No need to sell off council assets, claim North Norfolk Lib Dems

Sarah Butikofer. Picture: SUBMITTED

Sarah Butikofer. Picture: SUBMITTED - Credit: Archant

A row over North Norfolk's budget proposals has intensified with the Liberal Democrats on the council claiming there's no need to sell off assets to balance the books.

North Norfolk District Council proposes to develop four of its assets in order to freeze its share of the council tax for a seventh year in a row.

But Liberal Democrat group leader Sarah Butikofer said: 'North Norfolk District Council's Conservative leaders would like you to believe they have to sell some of the council's assets in order to balance the books. The council does not have to do this.

'Over the next four years the district council plans to spend around £14m each year. It gets the money from central government and local taxpayers. 'Thanks to a hefty cut in support from the Conservative government, the council faces a £1.3m funding gap in 2020/21. If this gap is not filled, it will mean cuts in spending. But that is not the whole picture. For the next two years the council is forecasting a surplus of £1.1m. This could go a long way tomeeting the later deficit. The council also has significant cash reserves.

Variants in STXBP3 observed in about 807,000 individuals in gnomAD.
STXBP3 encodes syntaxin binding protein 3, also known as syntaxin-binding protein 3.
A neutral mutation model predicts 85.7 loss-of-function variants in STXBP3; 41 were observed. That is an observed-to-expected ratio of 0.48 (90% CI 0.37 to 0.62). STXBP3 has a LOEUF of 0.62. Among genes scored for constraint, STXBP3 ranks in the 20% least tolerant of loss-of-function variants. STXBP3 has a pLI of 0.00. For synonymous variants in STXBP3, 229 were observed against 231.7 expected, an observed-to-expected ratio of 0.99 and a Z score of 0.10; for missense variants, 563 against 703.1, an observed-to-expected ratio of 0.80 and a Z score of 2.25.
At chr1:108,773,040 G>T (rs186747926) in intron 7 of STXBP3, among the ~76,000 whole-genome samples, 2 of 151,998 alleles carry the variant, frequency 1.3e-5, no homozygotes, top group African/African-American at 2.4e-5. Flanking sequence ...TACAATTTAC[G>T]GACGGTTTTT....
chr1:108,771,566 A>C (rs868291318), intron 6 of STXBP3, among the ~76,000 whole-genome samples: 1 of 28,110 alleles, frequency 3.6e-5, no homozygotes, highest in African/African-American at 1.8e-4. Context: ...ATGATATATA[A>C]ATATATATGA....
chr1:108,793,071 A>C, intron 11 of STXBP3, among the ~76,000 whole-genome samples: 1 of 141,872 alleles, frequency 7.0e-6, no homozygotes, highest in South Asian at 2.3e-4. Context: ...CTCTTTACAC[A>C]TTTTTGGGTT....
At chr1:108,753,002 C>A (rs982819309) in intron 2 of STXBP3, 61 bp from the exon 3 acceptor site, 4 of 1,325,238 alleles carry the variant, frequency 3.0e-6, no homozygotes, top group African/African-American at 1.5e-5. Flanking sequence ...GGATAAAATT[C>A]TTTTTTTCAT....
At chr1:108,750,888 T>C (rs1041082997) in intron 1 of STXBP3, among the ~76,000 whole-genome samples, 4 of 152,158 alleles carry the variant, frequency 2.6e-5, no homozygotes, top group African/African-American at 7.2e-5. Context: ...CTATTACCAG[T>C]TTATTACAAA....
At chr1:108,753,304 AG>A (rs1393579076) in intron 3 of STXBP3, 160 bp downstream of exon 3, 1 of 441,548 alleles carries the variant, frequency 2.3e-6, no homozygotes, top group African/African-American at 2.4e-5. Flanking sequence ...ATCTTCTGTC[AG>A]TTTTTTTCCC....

'Its general reserve fund for unexpected events is £660,000 more than recommended by council officers. But it also has a further £13.4m in what is called its 'earmarked reserves'. This is supposed to cover known or predicted expenditure in future years.

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'What is clear is that the council does not have to sell off its assets or raise council tax now. Instead it should first use the money it

already has in the bank.' '

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A NNDC council spokesperson said: 'This proposal is not an agreement to sell off council assets; it is a way to look at how existing assets could earn greater revenue in the future. Following the phasing out of the rate support grant (the grant from central government to support NNDC's delivery of local services), the council is looking at ways to balance future budgets without an increase in council tax or a reduction in services.'

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